Explainer: What Caused Agustín Canapino’s Leave Of Absence From Indycar, And How Long Might It Last?

Agustin Canapino, of Argentina, waits in the pits during a practice session for the Indianapolis 500 auto race at Indianapolis Motor Speedway, Thursday, May 16, 2024, in Indianapolis. (AP Photo/Darron Cummings)
Agustin Canapino, of Argentina, waits in the pits during a practice session for the Indianapolis 500 auto race at Indianapolis Motor Speedway, Thursday, May 16, 2024, in Indianapolis. (AP Photo/Darron Cummings)
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ELKHART LAKE, Wis. (AP) — Argentine driver Agustín Canapino’s future in IndyCar is unclear after his team pulled him from Road America shortly before the first practice of the weekend.

Juncos Hollinger Racing didn’t believe Canapino was focused enough to race in the fallout of his third social media firestorm in a year. The team hasn’t said if Canapino will be back in the No. 78 Chevrolet when IndyCar resumes at Laguna Seca in California later this month.


Canapino, 32, is in his second season with the IndyCar series with Juncos Hollinger Racing, a team founded by fellow Argentine Ricardo Juncos. Canapino has won 15 national championships in Argentina and earned the 2018 Olimpia de Oro award winner as Argentine sportsman of the year.


Théo Pourchaire, a 20-year-old French driver for Arrow McLaren, made contact with Canapino’s car on a restart late during the Detroit Grand Prix on June 2. The incident didn’t knock either driver out of the race, but Pourchaire received an avoidable contact penalty.

Pourchaire said afterward that he had received online death threats.

“I’m sad I received so much hate and death threats in the last 24 hours for such a small incident in the Detroit GP,” Pourchaire wrote on social media. “I hope people can understand that we are all humans and we can make mistakes. But it’s not normal to abuse people online. Please be kind to each other.”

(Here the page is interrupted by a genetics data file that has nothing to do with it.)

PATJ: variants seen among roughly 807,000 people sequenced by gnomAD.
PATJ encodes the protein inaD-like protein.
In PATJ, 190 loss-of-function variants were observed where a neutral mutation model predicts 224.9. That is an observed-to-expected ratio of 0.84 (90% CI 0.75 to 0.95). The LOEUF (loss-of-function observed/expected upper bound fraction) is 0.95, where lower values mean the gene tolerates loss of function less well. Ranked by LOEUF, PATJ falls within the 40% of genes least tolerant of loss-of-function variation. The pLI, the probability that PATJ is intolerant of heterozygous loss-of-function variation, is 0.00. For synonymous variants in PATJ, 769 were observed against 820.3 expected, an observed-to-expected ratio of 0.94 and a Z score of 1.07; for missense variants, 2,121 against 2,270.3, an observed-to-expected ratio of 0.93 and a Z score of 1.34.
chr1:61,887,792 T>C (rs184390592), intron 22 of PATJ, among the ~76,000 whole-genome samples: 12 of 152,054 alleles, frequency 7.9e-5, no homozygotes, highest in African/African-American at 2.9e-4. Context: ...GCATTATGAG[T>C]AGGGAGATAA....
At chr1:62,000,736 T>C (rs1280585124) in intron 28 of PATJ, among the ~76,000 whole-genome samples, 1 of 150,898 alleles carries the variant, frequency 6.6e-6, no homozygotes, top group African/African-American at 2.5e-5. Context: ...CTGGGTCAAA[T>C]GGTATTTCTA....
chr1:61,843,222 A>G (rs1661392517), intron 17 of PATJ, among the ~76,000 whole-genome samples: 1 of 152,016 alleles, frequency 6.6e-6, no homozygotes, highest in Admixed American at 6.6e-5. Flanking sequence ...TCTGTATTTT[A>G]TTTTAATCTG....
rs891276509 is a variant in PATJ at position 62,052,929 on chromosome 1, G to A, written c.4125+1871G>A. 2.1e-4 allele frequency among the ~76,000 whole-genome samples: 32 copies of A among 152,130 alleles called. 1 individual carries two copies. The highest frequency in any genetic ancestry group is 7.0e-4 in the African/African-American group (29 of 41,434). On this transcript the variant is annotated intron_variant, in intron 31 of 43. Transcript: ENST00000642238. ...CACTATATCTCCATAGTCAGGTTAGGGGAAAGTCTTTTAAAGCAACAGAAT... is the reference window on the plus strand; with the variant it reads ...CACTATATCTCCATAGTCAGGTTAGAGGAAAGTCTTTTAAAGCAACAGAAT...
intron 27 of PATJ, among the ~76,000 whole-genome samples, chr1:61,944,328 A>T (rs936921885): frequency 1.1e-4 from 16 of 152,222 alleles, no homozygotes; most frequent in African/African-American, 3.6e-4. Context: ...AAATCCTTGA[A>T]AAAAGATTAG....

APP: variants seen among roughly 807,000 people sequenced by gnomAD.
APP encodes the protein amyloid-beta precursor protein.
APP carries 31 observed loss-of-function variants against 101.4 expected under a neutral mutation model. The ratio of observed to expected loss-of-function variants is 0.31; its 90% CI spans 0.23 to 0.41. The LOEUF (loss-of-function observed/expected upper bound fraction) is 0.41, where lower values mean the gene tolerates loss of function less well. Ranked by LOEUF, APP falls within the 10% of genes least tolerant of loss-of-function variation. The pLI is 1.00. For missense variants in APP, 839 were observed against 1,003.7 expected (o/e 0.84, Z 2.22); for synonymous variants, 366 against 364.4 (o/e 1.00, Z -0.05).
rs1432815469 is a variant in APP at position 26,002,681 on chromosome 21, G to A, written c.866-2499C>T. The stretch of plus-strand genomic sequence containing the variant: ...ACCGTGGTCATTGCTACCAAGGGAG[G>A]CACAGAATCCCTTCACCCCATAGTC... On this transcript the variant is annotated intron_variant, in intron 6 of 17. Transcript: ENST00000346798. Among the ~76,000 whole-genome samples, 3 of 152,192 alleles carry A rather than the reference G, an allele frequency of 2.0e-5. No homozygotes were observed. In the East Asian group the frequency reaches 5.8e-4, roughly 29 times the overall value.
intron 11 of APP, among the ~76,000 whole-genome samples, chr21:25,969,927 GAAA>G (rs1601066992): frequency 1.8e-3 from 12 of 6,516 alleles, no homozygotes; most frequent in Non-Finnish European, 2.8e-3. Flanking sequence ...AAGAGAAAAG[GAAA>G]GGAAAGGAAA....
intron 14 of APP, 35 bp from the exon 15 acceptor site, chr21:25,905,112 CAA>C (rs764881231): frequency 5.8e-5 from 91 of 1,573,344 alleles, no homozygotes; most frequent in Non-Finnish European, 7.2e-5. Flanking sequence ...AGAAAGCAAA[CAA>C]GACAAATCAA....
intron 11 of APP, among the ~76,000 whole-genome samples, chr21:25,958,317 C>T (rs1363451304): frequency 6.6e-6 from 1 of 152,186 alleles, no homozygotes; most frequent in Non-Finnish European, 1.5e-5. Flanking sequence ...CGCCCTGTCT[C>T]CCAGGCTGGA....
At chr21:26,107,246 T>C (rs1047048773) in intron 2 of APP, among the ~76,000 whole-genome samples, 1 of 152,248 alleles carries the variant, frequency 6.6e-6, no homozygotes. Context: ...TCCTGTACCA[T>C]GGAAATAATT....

Although Arrow McLaren and Juncos Hollinger issued their own joint statement saying they wouldn’t tolerate any form of abuse or discrimination, Canapino put out his own statement suggesting he didn’t believe his fans had issued any such threats.

“We Argentines are passionate and euphoric, but that doesn’t mean we should be accused of something we are not,” Canapino wrote. “Therefore, I strongly reject being generalized and placed in a category we don’t deserve.

“I have not seen a single death threat directed at those who claim to have received them. From last year to today, no one in their right mind would do such a thing. It’s outrageous to be accused of this so lightly, and I won’t allow it anymore.”

His response infuriated IndyCar fans who felt Canapino was discrediting Pourchaire's experience simply because Canapino himself had not seen the messages.


Callum Ilott previously had said Canapino’s passionate fan base had made threatening comments in two instances last season.

The two were teammates when Ilott reported that he received abuse from Canapino fans on two separate occasions after on-track contact between the two. Ilott felt he never received any support from the team over the online abuse and Juncos Hollinger released him at the end of last season.

After Pourchaire made his comments about threats last week, Canapino liked a social media post that referred to Pourchaire as “Callum Pourchaire.”


Two days after Canapino made his statement defending his fans, Arrow McLaren announced it was ending its technical and marketing relationship with JHR, effective immediately. The partnership had been announced last October.

One day after Arrow McLaren announced the termination of that agreement, JHR revealed that Canapino was beginning a leave of absence. Canapino's leave started after he had already participated in Friday's autograph session at Road America — and after his statement earlier in the week urged targets of social media abuse to learn how to tune it out.

JHR said at the time that “the safety of Agustin and the rest of the competitors has to be considered first and foremost,” and that “we must prioritize the mental and physical well-being of both our drivers and our competition.”

“Online abuse is unacceptable, and we need to ensure that our drivers are prepared both mentally and physically when they get in the car,” JHR co-owner Brad Hollinger said in a statement. “We are saddened by the events that led to this scenario.”


JHR hasn’t indicated exactly when Canapino might return. Nolan Siegel, a 19-year-old, came up from the Indy NXT series to replace Canapino in the No. 78 Chevy on Sunday at Road America.

Siegel finished 23rd out of 27 drivers. Pourchaire finished 13th while driving for Arrow McLaren.


AP auto racing: https://apnews.com/hub/auto-racing